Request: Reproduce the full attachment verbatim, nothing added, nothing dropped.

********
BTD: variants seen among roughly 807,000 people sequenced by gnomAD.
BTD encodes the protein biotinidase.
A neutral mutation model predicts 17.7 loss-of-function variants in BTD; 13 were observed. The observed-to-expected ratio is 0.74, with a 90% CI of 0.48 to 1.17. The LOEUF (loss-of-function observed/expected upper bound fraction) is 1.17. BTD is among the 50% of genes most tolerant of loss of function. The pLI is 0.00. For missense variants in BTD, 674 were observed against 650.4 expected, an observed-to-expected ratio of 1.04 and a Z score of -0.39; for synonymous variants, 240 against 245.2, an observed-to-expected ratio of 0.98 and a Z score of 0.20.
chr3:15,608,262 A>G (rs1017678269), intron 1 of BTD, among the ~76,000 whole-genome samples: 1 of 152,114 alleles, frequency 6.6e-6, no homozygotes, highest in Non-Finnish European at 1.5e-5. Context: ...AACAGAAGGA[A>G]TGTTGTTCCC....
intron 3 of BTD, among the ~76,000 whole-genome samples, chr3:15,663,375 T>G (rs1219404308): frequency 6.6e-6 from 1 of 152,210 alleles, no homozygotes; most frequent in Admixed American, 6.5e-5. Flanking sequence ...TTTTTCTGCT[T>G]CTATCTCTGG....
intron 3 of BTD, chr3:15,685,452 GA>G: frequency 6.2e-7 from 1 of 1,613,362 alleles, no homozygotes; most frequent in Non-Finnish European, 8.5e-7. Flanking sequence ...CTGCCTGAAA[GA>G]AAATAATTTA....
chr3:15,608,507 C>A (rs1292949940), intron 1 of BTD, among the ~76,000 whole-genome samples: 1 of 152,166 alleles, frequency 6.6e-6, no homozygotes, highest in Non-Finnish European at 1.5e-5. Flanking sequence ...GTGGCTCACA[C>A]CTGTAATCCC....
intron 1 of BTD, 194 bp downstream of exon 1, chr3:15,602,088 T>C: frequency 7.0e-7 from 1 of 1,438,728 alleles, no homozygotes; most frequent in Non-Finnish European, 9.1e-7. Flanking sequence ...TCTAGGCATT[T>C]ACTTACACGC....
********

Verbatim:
BTD: variants seen among roughly 807,000 people sequenced by gnomAD.
BTD encodes the protein biotinidase.
A neutral mutation model predicts 17.7 loss-of-function variants in BTD; 13 were observed. The observed-to-expected ratio is 0.74, with a 90% CI of 0.48 to 1.17. The LOEUF (loss-of-function observed/expected upper bound fraction) is 1.17. BTD is among the 50% of genes most tolerant of loss of function. The pLI is 0.00. For missense variants in BTD, 674 were observed against 650.4 expected, an observed-to-expected ratio of 1.04 and a Z score of -0.39; for synonymous variants, 240 against 245.2, an observed-to-expected ratio of 0.98 and a Z score of 0.20.
chr3:15,608,262 A>G (rs1017678269), intron 1 of BTD, among the ~76,000 whole-genome samples: 1 of 152,114 alleles, frequency 6.6e-6, no homozygotes, highest in Non-Finnish European at 1.5e-5. Context: ...AACAGAAGGA[A>G]TGTTGTTCCC....
intron 3 of BTD, among the ~76,000 whole-genome samples, chr3:15,663,375 T>G (rs1219404308): frequency 6.6e-6 from 1 of 152,210 alleles, no homozygotes; most frequent in Admixed American, 6.5e-5. Flanking sequence ...TTTTTCTGCT[T>G]CTATCTCTGG....
intron 3 of BTD, chr3:15,685,452 GA>G: frequency 6.2e-7 from 1 of 1,613,362 alleles, no homozygotes; most frequent in Non-Finnish European, 8.5e-7. Flanking sequence ...CTGCCTGAAA[GA>G]AAATAATTTA....
chr3:15,608,507 C>A (rs1292949940), intron 1 of BTD, among the ~76,000 whole-genome samples: 1 of 152,166 alleles, frequency 6.6e-6, no homozygotes, highest in Non-Finnish European at 1.5e-5. Flanking sequence ...GTGGCTCACA[C>A]CTGTAATCCC....
intron 1 of BTD, 194 bp downstream of exon 1, chr3:15,602,088 T>C: frequency 7.0e-7 from 1 of 1,438,728 alleles, no homozygotes; most frequent in Non-Finnish European, 9.1e-7. Flanking sequence ...TCTAGGCATT[T>C]ACTTACACGC....